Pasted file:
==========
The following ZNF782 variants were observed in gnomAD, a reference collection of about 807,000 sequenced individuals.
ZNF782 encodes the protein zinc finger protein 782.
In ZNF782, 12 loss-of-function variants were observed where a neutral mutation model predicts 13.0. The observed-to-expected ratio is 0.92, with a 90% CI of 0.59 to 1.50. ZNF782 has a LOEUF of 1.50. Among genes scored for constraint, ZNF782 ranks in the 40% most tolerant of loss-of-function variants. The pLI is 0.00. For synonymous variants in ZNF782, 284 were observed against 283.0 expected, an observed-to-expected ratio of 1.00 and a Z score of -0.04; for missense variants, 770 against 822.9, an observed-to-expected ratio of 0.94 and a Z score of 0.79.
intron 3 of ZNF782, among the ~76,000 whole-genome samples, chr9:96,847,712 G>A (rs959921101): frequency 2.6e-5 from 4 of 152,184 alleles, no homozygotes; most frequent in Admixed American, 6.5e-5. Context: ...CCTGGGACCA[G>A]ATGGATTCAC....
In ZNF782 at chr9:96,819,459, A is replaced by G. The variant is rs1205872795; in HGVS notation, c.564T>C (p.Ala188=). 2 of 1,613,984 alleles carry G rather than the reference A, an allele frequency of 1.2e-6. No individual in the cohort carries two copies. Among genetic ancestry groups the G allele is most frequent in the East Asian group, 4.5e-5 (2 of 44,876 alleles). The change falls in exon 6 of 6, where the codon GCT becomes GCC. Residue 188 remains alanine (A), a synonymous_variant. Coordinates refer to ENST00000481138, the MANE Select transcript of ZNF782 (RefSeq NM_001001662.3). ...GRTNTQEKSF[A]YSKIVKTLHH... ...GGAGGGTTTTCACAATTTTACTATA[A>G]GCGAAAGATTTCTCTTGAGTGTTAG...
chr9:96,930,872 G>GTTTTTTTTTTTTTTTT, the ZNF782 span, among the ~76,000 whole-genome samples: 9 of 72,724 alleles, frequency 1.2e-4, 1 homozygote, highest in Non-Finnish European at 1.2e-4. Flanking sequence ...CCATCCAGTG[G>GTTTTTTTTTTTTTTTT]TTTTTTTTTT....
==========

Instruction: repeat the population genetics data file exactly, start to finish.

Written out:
The following ZNF782 variants were observed in gnomAD, a reference collection of about 807,000 sequenced individuals.
ZNF782 encodes the protein zinc finger protein 782.
In ZNF782, 12 loss-of-function variants were observed where a neutral mutation model predicts 13.0. The observed-to-expected ratio is 0.92, with a 90% CI of 0.59 to 1.50. ZNF782 has a LOEUF of 1.50. Among genes scored for constraint, ZNF782 ranks in the 40% most tolerant of loss-of-function variants. The pLI is 0.00. For synonymous variants in ZNF782, 284 were observed against 283.0 expected, an observed-to-expected ratio of 1.00 and a Z score of -0.04; for missense variants, 770 against 822.9, an observed-to-expected ratio of 0.94 and a Z score of 0.79.
intron 3 of ZNF782, among the ~76,000 whole-genome samples, chr9:96,847,712 G>A (rs959921101): frequency 2.6e-5 from 4 of 152,184 alleles, no homozygotes; most frequent in Admixed American, 6.5e-5. Context: ...CCTGGGACCA[G>A]ATGGATTCAC....
In ZNF782 at chr9:96,819,459, A is replaced by G. The variant is rs1205872795; in HGVS notation, c.564T>C (p.Ala188=). 2 of 1,613,984 alleles carry G rather than the reference A, an allele frequency of 1.2e-6. No individual in the cohort carries two copies. Among genetic ancestry groups the G allele is most frequent in the East Asian group, 4.5e-5 (2 of 44,876 alleles). The change falls in exon 6 of 6, where the codon GCT becomes GCC. Residue 188 remains alanine (A), a synonymous_variant. Coordinates refer to ENST00000481138, the MANE Select transcript of ZNF782 (RefSeq NM_001001662.3). ...GRTNTQEKSF[A]YSKIVKTLHH... ...GGAGGGTTTTCACAATTTTACTATA[A>G]GCGAAAGATTTCTCTTGAGTGTTAG...
chr9:96,930,872 G>GTTTTTTTTTTTTTTTT, the ZNF782 span, among the ~76,000 whole-genome samples: 9 of 72,724 alleles, frequency 1.2e-4, 1 homozygote, highest in Non-Finnish European at 1.2e-4. Flanking sequence ...CCATCCAGTG[G>GTTTTTTTTTTTTTTTT]TTTTTTTTTT....